At Yifki the men were in frenzied conversation. “What should we do?” asked Fato.

“Kill him!” said the young man, Samato, pacing back and forth with fists clenched. “I’m going to kill him!”

Faimpat ran to his house and returned with his gun. Everyone knew the police were too far away to help. The solution had always been for the brothers, cousins and uncles to band together to form a raiding party to kill someone in retaliation.

“What are we waiting for,” Feyo yelled into the air. “Are we going to let him get away?”

“Now hold on a minute,” yelled greying Fato, moving toward the quick tempered young husband. “We have to think about this first.”

“Someone has to vindicate his death!” Feyo kept pumping his fist and staring up to the sky with veins bulging on his neck. “This can’t be allowed!”

“But we don’t actually know what happened,” cautioned his brother, Faimpat. “First we have to go to Pasife to learn exactly what happened.”

“What else do we need to know?”

Samato jumped toward Faimpat and wrenched the gun from his hands, then spun to run on the trail toward Pasife, but Faimpat and Yanis chased after him and jerked him to a stop.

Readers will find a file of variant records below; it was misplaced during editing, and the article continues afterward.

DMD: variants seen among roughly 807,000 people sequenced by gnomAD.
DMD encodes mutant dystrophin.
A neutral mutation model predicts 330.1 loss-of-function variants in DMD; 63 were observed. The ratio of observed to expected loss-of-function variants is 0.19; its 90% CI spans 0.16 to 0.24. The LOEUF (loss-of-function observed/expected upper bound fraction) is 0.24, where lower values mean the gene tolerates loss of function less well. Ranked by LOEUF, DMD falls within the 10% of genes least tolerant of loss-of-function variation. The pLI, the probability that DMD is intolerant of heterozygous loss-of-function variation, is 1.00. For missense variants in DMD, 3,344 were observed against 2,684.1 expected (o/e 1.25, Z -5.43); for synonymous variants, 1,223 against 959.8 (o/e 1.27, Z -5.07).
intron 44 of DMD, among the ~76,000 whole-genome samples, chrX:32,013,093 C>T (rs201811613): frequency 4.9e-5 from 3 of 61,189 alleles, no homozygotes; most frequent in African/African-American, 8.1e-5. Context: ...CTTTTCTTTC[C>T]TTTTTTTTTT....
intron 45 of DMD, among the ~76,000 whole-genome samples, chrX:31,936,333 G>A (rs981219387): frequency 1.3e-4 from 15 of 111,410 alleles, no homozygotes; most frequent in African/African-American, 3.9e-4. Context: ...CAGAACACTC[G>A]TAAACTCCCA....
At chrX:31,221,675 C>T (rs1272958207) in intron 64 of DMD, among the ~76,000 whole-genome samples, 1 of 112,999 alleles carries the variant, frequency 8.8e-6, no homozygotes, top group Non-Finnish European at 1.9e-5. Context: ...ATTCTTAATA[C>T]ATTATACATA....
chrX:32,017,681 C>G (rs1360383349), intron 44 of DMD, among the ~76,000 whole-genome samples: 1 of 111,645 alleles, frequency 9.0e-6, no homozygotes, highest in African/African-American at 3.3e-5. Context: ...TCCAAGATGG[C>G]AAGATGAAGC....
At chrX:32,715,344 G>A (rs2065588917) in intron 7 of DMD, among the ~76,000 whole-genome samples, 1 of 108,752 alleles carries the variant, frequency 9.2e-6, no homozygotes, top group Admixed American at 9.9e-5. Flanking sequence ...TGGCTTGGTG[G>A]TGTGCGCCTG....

“Now hold on a minute,” yelled Matiyu from where he was sitting on the raised platform that served as the porch of his hut. “Apiyan was your little brother, so you have a right to be outraged, and he was my Nephew, so I’m angry too. But we are not going to do what we have always done in the past.” Matiyu stood and started down the notched log stairway of the elevated house he shared with Waina. Something about the level of command in his voice caught everyone’s attention, and they all turned together to face him. He had never been a strong leader, but his tone stopped them in their tracks.

“We have always killed in retaliation every time someone killed one of our relatives, but haven’t we been reading in the Bible that those ancestral customs are wrong?” He arrived down to the dirt yard and walked to where Samato was still glaring at Faimpat and Yanis for stopping him. “Haven’t we been learning that Jesus showed a different way? Haven’t we read in Romans that vengeance is God’s choice, not ours?”